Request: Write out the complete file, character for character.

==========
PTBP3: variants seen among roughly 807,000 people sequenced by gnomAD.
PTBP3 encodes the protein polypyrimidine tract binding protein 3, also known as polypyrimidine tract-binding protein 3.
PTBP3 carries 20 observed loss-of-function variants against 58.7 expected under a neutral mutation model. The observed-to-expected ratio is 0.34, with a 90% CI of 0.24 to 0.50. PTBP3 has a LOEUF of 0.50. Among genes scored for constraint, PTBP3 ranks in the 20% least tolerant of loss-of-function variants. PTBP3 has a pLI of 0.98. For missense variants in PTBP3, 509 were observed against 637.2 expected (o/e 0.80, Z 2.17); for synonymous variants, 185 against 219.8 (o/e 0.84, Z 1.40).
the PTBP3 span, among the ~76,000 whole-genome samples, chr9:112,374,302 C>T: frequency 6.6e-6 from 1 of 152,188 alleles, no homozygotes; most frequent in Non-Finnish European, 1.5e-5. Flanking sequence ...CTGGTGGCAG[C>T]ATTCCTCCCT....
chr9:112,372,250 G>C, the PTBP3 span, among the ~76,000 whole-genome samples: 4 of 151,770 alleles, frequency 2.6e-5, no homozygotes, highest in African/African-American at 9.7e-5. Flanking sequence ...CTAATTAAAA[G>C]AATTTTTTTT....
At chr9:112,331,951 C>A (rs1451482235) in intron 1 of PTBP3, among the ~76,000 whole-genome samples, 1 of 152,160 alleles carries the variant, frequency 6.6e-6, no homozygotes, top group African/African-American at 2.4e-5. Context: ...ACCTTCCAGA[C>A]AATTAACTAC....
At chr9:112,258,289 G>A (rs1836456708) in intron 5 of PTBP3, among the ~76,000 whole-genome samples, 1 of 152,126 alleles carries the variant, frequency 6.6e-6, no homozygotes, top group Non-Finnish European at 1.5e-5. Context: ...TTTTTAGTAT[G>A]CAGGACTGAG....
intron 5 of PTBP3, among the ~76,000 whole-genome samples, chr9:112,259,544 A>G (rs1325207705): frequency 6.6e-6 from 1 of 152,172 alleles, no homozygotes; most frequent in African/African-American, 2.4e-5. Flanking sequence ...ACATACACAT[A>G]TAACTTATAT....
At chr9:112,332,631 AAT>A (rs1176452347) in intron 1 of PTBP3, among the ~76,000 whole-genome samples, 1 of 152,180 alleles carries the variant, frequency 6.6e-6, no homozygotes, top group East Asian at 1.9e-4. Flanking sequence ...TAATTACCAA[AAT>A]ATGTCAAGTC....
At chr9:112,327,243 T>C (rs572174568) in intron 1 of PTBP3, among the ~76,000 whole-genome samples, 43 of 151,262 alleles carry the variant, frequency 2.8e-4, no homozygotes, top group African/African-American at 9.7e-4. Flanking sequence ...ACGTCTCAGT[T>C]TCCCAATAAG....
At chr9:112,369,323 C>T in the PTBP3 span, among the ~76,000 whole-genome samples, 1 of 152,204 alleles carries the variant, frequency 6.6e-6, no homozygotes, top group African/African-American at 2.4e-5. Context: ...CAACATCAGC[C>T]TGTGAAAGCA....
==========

PTBP3: variants seen among roughly 807,000 people sequenced by gnomAD.
PTBP3 encodes the protein polypyrimidine tract binding protein 3, also known as polypyrimidine tract-binding protein 3.
PTBP3 carries 20 observed loss-of-function variants against 58.7 expected under a neutral mutation model. The observed-to-expected ratio is 0.34, with a 90% CI of 0.24 to 0.50. PTBP3 has a LOEUF of 0.50. Among genes scored for constraint, PTBP3 ranks in the 20% least tolerant of loss-of-function variants. PTBP3 has a pLI of 0.98. For missense variants in PTBP3, 509 were observed against 637.2 expected (o/e 0.80, Z 2.17); for synonymous variants, 185 against 219.8 (o/e 0.84, Z 1.40).
the PTBP3 span, among the ~76,000 whole-genome samples, chr9:112,374,302 C>T: frequency 6.6e-6 from 1 of 152,188 alleles, no homozygotes; most frequent in Non-Finnish European, 1.5e-5. Flanking sequence ...CTGGTGGCAG[C>T]ATTCCTCCCT....
chr9:112,372,250 G>C, the PTBP3 span, among the ~76,000 whole-genome samples: 4 of 151,770 alleles, frequency 2.6e-5, no homozygotes, highest in African/African-American at 9.7e-5. Flanking sequence ...CTAATTAAAA[G>C]AATTTTTTTT....
At chr9:112,331,951 C>A (rs1451482235) in intron 1 of PTBP3, among the ~76,000 whole-genome samples, 1 of 152,160 alleles carries the variant, frequency 6.6e-6, no homozygotes, top group African/African-American at 2.4e-5. Context: ...ACCTTCCAGA[C>A]AATTAACTAC....
At chr9:112,258,289 G>A (rs1836456708) in intron 5 of PTBP3, among the ~76,000 whole-genome samples, 1 of 152,126 alleles carries the variant, frequency 6.6e-6, no homozygotes, top group Non-Finnish European at 1.5e-5. Context: ...TTTTTAGTAT[G>A]CAGGACTGAG....
intron 5 of PTBP3, among the ~76,000 whole-genome samples, chr9:112,259,544 A>G (rs1325207705): frequency 6.6e-6 from 1 of 152,172 alleles, no homozygotes; most frequent in African/African-American, 2.4e-5. Flanking sequence ...ACATACACAT[A>G]TAACTTATAT....
At chr9:112,332,631 AAT>A (rs1176452347) in intron 1 of PTBP3, among the ~76,000 whole-genome samples, 1 of 152,180 alleles carries the variant, frequency 6.6e-6, no homozygotes, top group East Asian at 1.9e-4. Flanking sequence ...TAATTACCAA[AAT>A]ATGTCAAGTC....
At chr9:112,327,243 T>C (rs572174568) in intron 1 of PTBP3, among the ~76,000 whole-genome samples, 43 of 151,262 alleles carry the variant, frequency 2.8e-4, no homozygotes, top group African/African-American at 9.7e-4. Flanking sequence ...ACGTCTCAGT[T>C]TCCCAATAAG....
At chr9:112,369,323 C>T in the PTBP3 span, among the ~76,000 whole-genome samples, 1 of 152,204 alleles carries the variant, frequency 6.6e-6, no homozygotes, top group African/African-American at 2.4e-5. Context: ...CAACATCAGC[C>T]TGTGAAAGCA....